Isolated from the world and within their own state, this has been the plight of the Saharawi people living in the refugee camps of Western Algeria for the last 41 years. They face human rights injustice, but unlike other refugees, it is in their own land.
The Polisario movement, the voice of the Saharawi ethnic group, says the territory reported to be illegally occupied by Morocco, belongs to the Saharawi people.
For years following a guerrilla war, they have tried and failed to claim ownership of the land from the Moroccan government. Now, according to the United Nations, they live in mud brick houses and tents in the harsh desert conditions of Tindouf Province, Western Algeria.
They have been locked in an armed struggle for liberation.
At the forefront of the movement are the Saharawi women who have increased their traditional role in the fight not only to reclaim their territory but to also salvage their self-determination as a people.
According to Catherine Constantinides, a human rights activist and executive director of Miss Earth South Africa, the power structure is unlike any other on the globe, particularly in Muslim culture.
“Women have a strong hold in the camps; they double as caregivers as well as liberation fighters. They also invest heavily in themselves educating one another and learning various skills. They exert the power there and the men respect this because they hold the camps together.”
Constantinides, who has dedicated her efforts to bringing to the fore their plight, emphasizes the world cannot fathom the dire conditions faced by the Saharawi people “until you see it”.
“The Saharawi people have less than nothing,” she says.
On one of her many visits to the region, Constantinides witnessed the dehumanizing of the people as they received food packets dropped by aeroplanes and water delivered in trucks.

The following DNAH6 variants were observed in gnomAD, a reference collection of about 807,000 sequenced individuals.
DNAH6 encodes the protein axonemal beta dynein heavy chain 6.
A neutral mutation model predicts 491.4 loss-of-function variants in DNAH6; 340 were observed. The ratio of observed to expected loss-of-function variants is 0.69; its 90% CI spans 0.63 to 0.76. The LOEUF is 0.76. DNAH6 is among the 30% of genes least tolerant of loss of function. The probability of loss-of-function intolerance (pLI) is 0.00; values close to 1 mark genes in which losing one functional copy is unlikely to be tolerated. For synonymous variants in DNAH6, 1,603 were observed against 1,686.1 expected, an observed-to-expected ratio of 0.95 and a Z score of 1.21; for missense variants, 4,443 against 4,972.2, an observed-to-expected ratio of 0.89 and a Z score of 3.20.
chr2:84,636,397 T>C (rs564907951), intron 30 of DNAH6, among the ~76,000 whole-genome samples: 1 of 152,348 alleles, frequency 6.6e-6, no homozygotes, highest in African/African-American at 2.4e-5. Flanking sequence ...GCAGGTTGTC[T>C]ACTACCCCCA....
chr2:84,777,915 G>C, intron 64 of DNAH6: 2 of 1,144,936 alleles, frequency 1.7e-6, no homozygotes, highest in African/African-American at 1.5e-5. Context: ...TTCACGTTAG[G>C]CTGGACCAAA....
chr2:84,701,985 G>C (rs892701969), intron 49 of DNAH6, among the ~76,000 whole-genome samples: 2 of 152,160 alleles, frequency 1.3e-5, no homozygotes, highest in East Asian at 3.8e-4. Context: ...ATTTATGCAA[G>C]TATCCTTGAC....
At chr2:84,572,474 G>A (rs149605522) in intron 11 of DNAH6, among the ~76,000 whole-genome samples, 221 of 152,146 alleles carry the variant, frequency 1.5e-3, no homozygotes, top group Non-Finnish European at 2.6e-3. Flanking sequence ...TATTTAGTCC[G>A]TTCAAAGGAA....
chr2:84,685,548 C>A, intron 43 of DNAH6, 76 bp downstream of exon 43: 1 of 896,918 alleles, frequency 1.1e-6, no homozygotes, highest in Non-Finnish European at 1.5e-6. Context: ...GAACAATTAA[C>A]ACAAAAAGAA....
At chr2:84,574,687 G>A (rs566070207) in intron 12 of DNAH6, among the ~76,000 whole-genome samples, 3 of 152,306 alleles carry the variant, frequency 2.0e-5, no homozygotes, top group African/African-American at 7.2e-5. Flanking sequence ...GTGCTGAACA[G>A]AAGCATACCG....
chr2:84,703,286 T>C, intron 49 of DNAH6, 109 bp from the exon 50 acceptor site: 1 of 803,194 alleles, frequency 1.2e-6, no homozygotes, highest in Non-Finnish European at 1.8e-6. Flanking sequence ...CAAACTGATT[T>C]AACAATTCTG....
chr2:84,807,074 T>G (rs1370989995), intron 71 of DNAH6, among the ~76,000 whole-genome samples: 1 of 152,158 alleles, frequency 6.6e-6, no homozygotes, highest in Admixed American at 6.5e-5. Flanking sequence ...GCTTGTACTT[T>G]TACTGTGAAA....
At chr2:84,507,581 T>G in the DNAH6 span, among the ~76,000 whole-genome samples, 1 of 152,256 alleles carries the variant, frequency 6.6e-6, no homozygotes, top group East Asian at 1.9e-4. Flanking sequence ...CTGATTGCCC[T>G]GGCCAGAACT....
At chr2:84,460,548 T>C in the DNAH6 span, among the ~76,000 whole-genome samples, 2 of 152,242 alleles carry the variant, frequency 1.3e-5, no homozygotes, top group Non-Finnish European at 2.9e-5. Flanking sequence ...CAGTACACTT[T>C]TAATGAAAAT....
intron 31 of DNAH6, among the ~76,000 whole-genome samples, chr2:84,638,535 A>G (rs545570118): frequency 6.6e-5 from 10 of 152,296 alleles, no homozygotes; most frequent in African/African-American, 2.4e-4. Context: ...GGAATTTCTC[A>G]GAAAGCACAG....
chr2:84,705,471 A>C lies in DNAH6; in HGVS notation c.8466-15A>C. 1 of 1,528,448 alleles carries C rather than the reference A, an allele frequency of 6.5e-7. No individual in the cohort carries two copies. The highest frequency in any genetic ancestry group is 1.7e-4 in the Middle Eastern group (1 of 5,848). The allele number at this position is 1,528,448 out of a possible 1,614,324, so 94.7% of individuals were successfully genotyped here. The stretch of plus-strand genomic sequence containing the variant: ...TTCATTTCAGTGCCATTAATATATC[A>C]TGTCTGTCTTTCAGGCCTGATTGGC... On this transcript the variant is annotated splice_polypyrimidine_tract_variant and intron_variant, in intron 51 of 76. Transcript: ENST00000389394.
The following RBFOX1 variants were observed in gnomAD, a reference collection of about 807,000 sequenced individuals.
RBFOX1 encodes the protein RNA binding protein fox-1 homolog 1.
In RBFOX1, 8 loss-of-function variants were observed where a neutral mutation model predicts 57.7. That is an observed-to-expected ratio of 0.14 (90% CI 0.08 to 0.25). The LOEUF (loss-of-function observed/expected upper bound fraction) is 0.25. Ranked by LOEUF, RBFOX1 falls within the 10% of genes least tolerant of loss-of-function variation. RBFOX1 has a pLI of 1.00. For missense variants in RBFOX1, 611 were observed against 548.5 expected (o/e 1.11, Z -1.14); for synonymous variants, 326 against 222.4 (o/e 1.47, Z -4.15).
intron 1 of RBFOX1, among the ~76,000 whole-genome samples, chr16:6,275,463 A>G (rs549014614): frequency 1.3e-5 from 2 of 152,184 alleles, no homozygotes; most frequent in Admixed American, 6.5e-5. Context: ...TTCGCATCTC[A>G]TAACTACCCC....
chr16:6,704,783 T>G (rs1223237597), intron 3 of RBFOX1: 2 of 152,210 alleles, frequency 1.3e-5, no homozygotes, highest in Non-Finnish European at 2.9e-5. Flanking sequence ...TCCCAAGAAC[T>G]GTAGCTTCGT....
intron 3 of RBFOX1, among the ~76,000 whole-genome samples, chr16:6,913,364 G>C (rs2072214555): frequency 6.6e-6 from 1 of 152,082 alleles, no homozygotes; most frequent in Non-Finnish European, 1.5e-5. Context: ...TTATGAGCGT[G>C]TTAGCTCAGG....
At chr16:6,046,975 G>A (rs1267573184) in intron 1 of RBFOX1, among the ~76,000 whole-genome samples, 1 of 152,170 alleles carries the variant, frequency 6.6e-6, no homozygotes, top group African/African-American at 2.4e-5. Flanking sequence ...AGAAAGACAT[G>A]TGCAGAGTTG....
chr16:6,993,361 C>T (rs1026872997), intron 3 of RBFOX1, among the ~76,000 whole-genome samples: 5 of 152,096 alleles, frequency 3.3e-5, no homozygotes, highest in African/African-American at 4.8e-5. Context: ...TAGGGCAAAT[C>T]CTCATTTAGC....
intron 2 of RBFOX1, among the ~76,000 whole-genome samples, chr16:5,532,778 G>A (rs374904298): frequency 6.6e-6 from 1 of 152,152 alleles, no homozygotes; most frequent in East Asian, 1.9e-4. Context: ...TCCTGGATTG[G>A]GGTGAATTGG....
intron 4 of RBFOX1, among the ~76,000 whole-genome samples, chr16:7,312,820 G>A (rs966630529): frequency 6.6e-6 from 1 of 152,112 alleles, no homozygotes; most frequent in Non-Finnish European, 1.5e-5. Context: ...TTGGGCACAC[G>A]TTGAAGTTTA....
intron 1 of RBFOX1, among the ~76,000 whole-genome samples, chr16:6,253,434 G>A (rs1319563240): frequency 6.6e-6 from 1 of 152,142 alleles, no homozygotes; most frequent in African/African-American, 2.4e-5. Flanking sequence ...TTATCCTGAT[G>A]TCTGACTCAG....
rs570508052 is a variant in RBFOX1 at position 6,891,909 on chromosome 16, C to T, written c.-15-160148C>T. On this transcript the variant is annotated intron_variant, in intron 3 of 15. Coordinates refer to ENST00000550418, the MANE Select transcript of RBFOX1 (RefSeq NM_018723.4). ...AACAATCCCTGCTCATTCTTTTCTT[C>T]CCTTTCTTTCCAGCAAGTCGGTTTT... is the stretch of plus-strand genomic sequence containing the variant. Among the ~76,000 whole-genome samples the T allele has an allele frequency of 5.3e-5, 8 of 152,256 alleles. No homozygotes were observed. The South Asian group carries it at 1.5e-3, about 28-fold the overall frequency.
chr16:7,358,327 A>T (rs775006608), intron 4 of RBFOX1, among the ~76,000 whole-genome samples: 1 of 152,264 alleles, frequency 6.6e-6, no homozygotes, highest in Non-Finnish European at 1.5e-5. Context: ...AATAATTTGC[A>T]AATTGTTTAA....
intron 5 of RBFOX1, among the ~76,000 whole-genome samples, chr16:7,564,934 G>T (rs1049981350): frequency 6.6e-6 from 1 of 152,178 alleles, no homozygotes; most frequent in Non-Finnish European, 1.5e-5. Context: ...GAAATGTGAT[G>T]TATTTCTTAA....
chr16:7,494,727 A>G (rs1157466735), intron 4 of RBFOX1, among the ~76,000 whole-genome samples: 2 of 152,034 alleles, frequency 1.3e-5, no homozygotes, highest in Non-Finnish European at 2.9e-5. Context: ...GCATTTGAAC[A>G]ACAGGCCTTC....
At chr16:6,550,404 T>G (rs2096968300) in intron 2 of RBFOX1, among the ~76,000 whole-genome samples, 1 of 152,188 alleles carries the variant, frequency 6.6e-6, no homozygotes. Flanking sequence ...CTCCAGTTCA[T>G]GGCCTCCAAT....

The men cannot provide for their families so their children look to the skies for scraps of food.
This is just one illustration of the gap between humanity and policy regulations that leaves the Saharawis perennially stateless.
Moreover, there are no adequate health facilities for them.
“Child mortality is at its highest in Tindouf as women are forced to give birth in their mud houses or tents,” explains Constantinides.
“It’s devastating because children bring that spark of hope within that unfortunate situation.”
United Nations Secretary-General, Ban Ki-moon, has since visited the refugee camps in an effort to reignite negotiations in the region and to end the dispute and bring liberation to the Saharawi people. During his visit, he said he “would spare no effort towards a just and meaningful solution” for the people in Western Algeria.
These are the kind of efforts activists like Constantinides want to see in the fight against the apparent global neglect of refugees.
“We have to find better ways of dealing with the crisis.”
One example that Constantinides refers to is the naturalization process she witnessed earlier this year in Virginia, America, on the fourth of July.
“This was an example of how in time systems can work if applied to crises to give people dignity.”
“We have to bring the concept back of supporting each other instead of building walls,” she sighs.
Until such time, the Saharawi people will continue fighting for their statehood, led by the women who Constantinides says will never give up, come hell or high water.